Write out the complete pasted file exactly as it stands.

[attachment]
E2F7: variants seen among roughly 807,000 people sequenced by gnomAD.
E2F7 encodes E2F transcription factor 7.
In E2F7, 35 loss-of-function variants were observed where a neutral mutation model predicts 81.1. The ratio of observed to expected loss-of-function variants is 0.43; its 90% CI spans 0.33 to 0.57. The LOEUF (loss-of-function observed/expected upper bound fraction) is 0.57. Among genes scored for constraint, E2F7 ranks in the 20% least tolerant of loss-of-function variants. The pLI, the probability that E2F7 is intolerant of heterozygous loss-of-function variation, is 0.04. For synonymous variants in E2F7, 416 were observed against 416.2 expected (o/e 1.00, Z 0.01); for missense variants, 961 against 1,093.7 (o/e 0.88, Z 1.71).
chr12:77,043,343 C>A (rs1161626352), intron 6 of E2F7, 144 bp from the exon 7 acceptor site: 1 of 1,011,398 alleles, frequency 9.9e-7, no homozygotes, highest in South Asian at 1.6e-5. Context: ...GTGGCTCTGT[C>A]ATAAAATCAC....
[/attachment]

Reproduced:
E2F7: variants seen among roughly 807,000 people sequenced by gnomAD.
E2F7 encodes E2F transcription factor 7.
In E2F7, 35 loss-of-function variants were observed where a neutral mutation model predicts 81.1. The ratio of observed to expected loss-of-function variants is 0.43; its 90% CI spans 0.33 to 0.57. The LOEUF (loss-of-function observed/expected upper bound fraction) is 0.57. Among genes scored for constraint, E2F7 ranks in the 20% least tolerant of loss-of-function variants. The pLI, the probability that E2F7 is intolerant of heterozygous loss-of-function variation, is 0.04. For synonymous variants in E2F7, 416 were observed against 416.2 expected (o/e 1.00, Z 0.01); for missense variants, 961 against 1,093.7 (o/e 0.88, Z 1.71).
chr12:77,043,343 C>A (rs1161626352), intron 6 of E2F7, 144 bp from the exon 7 acceptor site: 1 of 1,011,398 alleles, frequency 9.9e-7, no homozygotes, highest in South Asian at 1.6e-5. Context: ...GTGGCTCTGT[C>A]ATAAAATCAC....